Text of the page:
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Business and Technology Insights

How QA Can Help Win Your Wearable Battle

 
March 14, 2017

The end of the 20th century witnessed a shift from computers to mobile phones, and today mobile phones also double up as computing devices. We are now witnessing an extension of this trend – instead of carrying mobile devices, customers are wearing them! This lifestyle-technology-digital evolution merger has resulted in a range of wearable devices, also popularly known as wearables.

Wearables are impacting all walks of life – from medical fitness, clothing accessories, cooking instructions, resource tracking, visual and audio aids, to virtual reality. Some use cases also fall in the artificial intelligence (AI) realm. Today, biometric sensors in your smart watch can measure blood pressure, heart rate, and even stress levels and transmit this data, in real time, to your medical consultant. Or just use it to determine your emotional state, and serve you content accordingly. So the next time you are tired, your smart watch may pep you up with your favorite music!

Wearables are also impacting businesses. For example wearables are finding application in the manufacturing sector. When deployed on the shop floor, these smart devices take the form of head mounted displays (HMDs), and assist workers to efficiently perform assembly line tasks such as repairs and inspections. Factories are also using HMDs to communicate with workers, and push directions to the shop floor. Hence, many enterprises are asking if wearables are the next big thing! Can wearables be used to remain in constant touch with customers beyond social channels and enterprise touch points? This cumulative experience, besides providing real-time usage metrics, is also a great way to convert customers to brand ambassadors. Location specific promotions and contextually targeted offers are other add-on benefits that wearables bring to businesses.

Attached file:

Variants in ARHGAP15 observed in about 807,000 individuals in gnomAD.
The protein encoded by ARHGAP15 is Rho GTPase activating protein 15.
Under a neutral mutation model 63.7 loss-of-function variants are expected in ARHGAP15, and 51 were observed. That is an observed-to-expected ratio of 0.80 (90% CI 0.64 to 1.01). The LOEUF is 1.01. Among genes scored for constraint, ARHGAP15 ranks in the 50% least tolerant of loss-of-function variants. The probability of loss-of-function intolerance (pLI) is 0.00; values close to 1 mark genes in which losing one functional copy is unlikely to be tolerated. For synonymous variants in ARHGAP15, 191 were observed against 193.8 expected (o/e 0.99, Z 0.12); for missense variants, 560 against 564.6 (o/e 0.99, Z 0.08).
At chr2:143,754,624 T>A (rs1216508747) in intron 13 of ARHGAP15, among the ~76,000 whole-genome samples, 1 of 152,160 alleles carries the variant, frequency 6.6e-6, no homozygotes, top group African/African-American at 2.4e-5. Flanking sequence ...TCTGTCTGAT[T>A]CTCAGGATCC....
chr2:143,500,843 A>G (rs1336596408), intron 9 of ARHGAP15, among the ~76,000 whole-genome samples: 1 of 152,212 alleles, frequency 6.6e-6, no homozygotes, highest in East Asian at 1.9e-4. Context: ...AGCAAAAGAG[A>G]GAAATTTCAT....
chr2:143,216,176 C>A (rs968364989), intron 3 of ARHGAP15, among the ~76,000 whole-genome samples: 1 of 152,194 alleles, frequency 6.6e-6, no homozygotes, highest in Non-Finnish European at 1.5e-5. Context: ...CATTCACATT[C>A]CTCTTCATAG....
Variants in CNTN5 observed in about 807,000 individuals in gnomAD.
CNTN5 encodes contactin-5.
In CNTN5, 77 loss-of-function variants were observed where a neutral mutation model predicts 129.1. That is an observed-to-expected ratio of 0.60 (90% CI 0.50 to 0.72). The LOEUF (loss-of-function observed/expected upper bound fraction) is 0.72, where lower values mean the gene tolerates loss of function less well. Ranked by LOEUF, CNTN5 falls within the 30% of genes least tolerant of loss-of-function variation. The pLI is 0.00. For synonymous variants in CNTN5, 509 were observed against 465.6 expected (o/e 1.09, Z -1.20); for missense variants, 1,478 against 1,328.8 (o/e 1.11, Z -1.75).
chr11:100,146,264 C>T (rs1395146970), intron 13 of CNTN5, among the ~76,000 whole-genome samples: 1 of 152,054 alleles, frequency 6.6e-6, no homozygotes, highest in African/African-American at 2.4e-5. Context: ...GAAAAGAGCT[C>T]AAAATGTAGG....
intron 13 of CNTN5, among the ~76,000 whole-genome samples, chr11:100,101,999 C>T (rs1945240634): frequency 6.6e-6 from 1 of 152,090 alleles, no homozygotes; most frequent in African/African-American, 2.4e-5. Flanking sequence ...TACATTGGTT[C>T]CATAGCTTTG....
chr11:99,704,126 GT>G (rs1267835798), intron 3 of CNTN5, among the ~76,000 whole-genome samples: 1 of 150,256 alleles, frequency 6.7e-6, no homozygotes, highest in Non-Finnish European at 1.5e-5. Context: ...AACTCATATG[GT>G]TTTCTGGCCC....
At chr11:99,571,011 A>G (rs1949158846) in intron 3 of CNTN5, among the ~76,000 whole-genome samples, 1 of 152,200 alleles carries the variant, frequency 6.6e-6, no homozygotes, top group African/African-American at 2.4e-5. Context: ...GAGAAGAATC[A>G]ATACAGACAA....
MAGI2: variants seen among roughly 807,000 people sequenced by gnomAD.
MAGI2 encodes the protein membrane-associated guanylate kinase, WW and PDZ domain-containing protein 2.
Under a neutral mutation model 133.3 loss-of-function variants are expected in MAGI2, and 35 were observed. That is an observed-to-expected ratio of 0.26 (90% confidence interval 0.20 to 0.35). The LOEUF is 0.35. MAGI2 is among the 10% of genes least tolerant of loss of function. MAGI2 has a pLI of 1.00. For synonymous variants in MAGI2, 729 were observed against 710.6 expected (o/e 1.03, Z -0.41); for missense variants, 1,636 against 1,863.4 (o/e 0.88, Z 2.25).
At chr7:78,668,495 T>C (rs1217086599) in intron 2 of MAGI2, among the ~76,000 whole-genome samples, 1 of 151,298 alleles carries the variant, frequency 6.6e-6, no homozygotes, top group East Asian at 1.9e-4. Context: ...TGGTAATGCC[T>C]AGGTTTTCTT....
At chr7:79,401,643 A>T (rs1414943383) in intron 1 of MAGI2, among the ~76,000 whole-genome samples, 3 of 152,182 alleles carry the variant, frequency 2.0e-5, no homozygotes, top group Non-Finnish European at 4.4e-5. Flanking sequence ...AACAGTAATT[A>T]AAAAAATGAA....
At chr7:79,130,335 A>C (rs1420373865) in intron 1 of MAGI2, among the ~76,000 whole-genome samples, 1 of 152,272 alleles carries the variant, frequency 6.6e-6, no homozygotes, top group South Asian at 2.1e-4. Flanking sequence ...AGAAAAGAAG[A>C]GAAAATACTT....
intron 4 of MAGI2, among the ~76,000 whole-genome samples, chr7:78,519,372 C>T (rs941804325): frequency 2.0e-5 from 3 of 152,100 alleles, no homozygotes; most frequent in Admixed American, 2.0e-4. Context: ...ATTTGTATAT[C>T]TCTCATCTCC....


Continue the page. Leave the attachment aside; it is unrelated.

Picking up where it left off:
As the next frontier, will wearables usher in a revolution in the way we think and function? With technology advancements, combined with AI and Robotics, the virtual world is getting closer to the real world. Will a (not-so-future) use case possibly be a wearable device that captures human thought waves and transmits them as signals to an enterprise Big Data system, generating consumer or medical insights?

Wearable devices have attracted manufacturers globally. Gadgets like Google glass, Fitbit fitness trackers Pebble and Apple Watches are some of the popular products that have helped garner consumer interest in wearables. But will these wearables take over the customers and the enterprises imagination, just like the smartphone? Over 400 million wearable devices worth $34 billion are forecasted to be sold in 2020. By 2018, more than 25 million head-mounted displays (HMDs) are predicted to be sold as immersive devices with virtual world becoming a mainstay. Close to 25 percent of these smart wristbands and other fitness monitors are also expected to be sold through nonretail channels between 2018 and 2020. However, for now, the abandonment rate of these devices remains high. Customers are excited about flaunting the latest wearable devices, but many report boredom after prolonged use. Given the high cost of these devices, customers also do not easily replace them with newer, swankier editions.

The wearable device presents greater responsibility for the Quality Assurance (QA) and Testing function ensuring safe and secure use of these gadgets. QA needs to take the onus of ensuring performance, security and usability aspects of the device leading to retention of customer interest and confidence, greater adoption and retention of these devices. QA must play an active role in this evolution, and not just be a passive spectator. More on this in our next blog.

Kanthi is leading assets & innovation for Mobility Assurance CoE in Assurance Services unit, TCS. She has over 17 years of experience in pre-sales, mobile consultancy and test automation, program management, and development of new offerings. A voracious reader with a penchant for developing automation tools, she has conceptualized and implemented "Remote Android Blackbox Instructive Tests" or 'RABBIT' for platform level testing of Android devices. Prior to working with TCS, she has successfully worked as an automation consultant towards the launch of phone models for popular device vendors.